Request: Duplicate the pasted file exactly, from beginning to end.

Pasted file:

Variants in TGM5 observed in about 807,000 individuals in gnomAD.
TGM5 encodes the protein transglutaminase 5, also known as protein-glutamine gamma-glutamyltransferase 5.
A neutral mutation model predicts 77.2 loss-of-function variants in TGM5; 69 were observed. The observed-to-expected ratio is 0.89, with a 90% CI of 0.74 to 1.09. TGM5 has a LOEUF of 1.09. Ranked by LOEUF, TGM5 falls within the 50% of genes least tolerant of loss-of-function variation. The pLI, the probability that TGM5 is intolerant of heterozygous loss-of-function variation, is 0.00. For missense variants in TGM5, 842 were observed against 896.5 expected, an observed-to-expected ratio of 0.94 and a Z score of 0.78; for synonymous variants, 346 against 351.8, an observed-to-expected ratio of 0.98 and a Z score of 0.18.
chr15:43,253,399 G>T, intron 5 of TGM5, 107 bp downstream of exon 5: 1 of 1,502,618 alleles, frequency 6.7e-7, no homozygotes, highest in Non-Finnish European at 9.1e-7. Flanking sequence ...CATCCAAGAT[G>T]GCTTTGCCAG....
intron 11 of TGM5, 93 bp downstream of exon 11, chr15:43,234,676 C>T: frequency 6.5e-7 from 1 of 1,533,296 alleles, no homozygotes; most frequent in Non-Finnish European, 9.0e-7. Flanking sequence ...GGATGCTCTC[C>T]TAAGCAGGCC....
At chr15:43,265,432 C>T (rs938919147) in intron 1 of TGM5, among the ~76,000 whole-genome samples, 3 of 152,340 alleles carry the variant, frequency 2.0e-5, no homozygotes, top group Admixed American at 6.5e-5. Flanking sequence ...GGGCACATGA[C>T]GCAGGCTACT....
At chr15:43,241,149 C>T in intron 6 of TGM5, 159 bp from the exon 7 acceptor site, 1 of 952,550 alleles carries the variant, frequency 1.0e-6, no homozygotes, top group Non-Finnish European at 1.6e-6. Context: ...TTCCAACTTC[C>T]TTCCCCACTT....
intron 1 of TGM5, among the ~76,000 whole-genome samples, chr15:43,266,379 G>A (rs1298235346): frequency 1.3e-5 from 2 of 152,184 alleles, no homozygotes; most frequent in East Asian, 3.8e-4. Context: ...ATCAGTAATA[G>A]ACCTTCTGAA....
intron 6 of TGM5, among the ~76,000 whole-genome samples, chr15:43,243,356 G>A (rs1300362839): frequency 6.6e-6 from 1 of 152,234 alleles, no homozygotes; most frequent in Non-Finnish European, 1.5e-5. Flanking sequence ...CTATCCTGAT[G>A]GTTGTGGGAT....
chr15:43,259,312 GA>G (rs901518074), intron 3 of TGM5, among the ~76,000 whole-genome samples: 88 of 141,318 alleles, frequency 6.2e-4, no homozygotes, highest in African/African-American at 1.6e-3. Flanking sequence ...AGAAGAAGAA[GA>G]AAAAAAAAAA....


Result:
Variants in TGM5 observed in about 807,000 individuals in gnomAD.
TGM5 encodes the protein transglutaminase 5, also known as protein-glutamine gamma-glutamyltransferase 5.
A neutral mutation model predicts 77.2 loss-of-function variants in TGM5; 69 were observed. The observed-to-expected ratio is 0.89, with a 90% CI of 0.74 to 1.09. TGM5 has a LOEUF of 1.09. Ranked by LOEUF, TGM5 falls within the 50% of genes least tolerant of loss-of-function variation. The pLI, the probability that TGM5 is intolerant of heterozygous loss-of-function variation, is 0.00. For missense variants in TGM5, 842 were observed against 896.5 expected, an observed-to-expected ratio of 0.94 and a Z score of 0.78; for synonymous variants, 346 against 351.8, an observed-to-expected ratio of 0.98 and a Z score of 0.18.
chr15:43,253,399 G>T, intron 5 of TGM5, 107 bp downstream of exon 5: 1 of 1,502,618 alleles, frequency 6.7e-7, no homozygotes, highest in Non-Finnish European at 9.1e-7. Flanking sequence ...CATCCAAGAT[G>T]GCTTTGCCAG....
intron 11 of TGM5, 93 bp downstream of exon 11, chr15:43,234,676 C>T: frequency 6.5e-7 from 1 of 1,533,296 alleles, no homozygotes; most frequent in Non-Finnish European, 9.0e-7. Flanking sequence ...GGATGCTCTC[C>T]TAAGCAGGCC....
At chr15:43,265,432 C>T (rs938919147) in intron 1 of TGM5, among the ~76,000 whole-genome samples, 3 of 152,340 alleles carry the variant, frequency 2.0e-5, no homozygotes, top group Admixed American at 6.5e-5. Flanking sequence ...GGGCACATGA[C>T]GCAGGCTACT....
At chr15:43,241,149 C>T in intron 6 of TGM5, 159 bp from the exon 7 acceptor site, 1 of 952,550 alleles carries the variant, frequency 1.0e-6, no homozygotes, top group Non-Finnish European at 1.6e-6. Context: ...TTCCAACTTC[C>T]TTCCCCACTT....
intron 1 of TGM5, among the ~76,000 whole-genome samples, chr15:43,266,379 G>A (rs1298235346): frequency 1.3e-5 from 2 of 152,184 alleles, no homozygotes; most frequent in East Asian, 3.8e-4. Context: ...ATCAGTAATA[G>A]ACCTTCTGAA....
intron 6 of TGM5, among the ~76,000 whole-genome samples, chr15:43,243,356 G>A (rs1300362839): frequency 6.6e-6 from 1 of 152,234 alleles, no homozygotes; most frequent in Non-Finnish European, 1.5e-5. Flanking sequence ...CTATCCTGAT[G>A]GTTGTGGGAT....
chr15:43,259,312 GA>G (rs901518074), intron 3 of TGM5, among the ~76,000 whole-genome samples: 88 of 141,318 alleles, frequency 6.2e-4, no homozygotes, highest in African/African-American at 1.6e-3. Flanking sequence ...AGAAGAAGAA[GA>G]AAAAAAAAAA....